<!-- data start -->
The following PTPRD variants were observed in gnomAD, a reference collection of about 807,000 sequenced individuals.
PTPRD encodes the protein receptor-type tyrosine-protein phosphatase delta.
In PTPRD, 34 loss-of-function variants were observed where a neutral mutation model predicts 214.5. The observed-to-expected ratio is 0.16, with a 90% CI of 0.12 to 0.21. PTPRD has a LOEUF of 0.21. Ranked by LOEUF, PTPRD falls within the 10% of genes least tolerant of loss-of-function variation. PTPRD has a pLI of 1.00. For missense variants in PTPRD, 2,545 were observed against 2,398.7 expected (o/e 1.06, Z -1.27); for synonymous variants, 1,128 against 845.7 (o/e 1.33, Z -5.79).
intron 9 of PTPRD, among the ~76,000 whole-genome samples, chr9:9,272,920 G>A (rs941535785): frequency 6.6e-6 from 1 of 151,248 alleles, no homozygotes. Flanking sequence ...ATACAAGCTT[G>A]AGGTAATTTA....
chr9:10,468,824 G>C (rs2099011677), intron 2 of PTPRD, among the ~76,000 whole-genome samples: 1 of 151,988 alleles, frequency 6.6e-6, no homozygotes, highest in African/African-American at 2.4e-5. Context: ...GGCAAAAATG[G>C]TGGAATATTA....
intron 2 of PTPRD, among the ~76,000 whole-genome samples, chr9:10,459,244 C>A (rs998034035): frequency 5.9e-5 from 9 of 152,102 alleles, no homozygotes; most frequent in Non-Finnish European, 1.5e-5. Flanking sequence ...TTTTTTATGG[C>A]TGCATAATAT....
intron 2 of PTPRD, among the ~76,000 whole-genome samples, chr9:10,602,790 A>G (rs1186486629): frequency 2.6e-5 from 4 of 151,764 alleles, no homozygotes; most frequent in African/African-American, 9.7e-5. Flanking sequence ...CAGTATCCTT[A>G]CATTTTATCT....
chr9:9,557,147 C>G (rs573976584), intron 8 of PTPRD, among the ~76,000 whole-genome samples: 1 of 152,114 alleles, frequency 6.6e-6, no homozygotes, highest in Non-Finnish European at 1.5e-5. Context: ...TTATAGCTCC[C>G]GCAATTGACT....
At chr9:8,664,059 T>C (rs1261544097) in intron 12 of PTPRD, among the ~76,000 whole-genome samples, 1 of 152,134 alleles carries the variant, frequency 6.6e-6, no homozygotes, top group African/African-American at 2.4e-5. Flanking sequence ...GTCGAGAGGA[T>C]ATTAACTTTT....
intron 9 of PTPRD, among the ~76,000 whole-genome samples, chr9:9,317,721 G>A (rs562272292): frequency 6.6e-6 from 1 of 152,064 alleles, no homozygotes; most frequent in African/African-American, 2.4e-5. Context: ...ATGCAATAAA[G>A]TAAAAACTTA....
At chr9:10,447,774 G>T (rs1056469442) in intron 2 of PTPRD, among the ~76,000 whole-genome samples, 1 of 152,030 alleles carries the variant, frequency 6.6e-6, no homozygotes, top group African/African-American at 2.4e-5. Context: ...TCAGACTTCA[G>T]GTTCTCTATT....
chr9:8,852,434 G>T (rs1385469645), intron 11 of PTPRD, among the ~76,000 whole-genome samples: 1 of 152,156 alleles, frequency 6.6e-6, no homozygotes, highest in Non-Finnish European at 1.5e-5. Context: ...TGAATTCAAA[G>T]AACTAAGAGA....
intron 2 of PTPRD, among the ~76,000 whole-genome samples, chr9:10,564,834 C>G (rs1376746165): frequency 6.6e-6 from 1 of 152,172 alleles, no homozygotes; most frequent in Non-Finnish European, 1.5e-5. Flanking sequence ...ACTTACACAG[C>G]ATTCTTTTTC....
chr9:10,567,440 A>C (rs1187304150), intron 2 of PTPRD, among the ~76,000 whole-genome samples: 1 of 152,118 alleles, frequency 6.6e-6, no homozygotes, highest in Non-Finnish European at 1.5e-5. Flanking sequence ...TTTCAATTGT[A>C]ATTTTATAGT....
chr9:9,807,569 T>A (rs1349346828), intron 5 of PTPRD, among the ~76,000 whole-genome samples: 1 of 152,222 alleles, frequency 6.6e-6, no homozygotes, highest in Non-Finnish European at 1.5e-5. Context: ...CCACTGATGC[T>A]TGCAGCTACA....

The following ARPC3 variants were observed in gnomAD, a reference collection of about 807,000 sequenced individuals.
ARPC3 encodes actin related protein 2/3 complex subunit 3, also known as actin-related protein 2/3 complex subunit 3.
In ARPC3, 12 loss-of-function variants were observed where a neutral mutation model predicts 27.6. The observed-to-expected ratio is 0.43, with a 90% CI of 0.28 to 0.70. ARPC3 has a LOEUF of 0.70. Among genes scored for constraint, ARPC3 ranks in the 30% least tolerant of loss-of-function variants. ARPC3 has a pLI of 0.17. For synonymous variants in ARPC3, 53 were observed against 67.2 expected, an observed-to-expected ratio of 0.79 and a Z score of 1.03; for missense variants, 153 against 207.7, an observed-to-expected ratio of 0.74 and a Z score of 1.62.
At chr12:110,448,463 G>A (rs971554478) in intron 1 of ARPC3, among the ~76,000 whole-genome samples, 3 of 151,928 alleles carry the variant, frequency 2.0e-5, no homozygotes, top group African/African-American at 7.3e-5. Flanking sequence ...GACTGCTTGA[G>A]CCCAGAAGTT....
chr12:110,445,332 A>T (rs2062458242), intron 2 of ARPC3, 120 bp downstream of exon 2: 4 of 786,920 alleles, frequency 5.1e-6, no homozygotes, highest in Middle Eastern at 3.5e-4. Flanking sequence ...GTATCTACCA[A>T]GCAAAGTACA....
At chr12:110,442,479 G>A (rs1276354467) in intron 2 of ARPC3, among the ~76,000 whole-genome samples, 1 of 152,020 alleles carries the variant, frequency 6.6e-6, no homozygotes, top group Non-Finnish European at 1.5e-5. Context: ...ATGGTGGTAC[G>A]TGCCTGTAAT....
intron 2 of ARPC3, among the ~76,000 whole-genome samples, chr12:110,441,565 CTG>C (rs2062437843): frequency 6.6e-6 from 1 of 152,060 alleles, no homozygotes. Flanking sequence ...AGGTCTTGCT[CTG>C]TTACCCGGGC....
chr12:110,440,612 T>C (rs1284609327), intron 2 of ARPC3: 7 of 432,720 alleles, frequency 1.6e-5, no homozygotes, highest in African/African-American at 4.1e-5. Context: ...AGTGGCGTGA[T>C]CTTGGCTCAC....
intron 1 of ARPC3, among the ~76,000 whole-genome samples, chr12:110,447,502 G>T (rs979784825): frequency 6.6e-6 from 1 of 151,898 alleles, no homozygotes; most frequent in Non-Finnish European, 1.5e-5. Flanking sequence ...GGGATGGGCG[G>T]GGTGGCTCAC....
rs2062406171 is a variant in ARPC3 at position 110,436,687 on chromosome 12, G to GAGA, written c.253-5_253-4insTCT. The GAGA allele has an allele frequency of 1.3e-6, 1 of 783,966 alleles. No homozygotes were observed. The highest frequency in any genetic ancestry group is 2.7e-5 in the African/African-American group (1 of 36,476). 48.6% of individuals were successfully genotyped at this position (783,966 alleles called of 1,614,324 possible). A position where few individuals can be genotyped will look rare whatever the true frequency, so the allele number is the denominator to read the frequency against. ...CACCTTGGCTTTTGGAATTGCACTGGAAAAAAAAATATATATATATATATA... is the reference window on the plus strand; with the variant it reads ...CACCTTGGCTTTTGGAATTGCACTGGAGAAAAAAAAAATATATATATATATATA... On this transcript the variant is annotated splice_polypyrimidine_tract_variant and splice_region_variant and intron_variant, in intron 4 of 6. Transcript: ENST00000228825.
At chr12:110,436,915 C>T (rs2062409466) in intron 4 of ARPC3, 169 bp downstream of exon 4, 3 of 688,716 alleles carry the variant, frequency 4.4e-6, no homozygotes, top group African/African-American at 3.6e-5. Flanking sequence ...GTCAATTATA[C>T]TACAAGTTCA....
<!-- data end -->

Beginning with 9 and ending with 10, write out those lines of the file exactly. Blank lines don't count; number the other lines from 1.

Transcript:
At chr9:8,664,059 T>C (rs1261544097) in intron 12 of PTPRD, among the ~76,000 whole-genome samples, 1 of 152,134 alleles carries the variant, frequency 6.6e-6, no homozygotes, top group African/African-American at 2.4e-5. Flanking sequence ...GTCGAGAGGA[T>C]ATTAACTTTT....
intron 9 of PTPRD, among the ~76,000 whole-genome samples, chr9:9,317,721 G>A (rs562272292): frequency 6.6e-6 from 1 of 152,064 alleles, no homozygotes; most frequent in African/African-American, 2.4e-5. Context: ...ATGCAATAAA[G>A]TAAAAACTTA....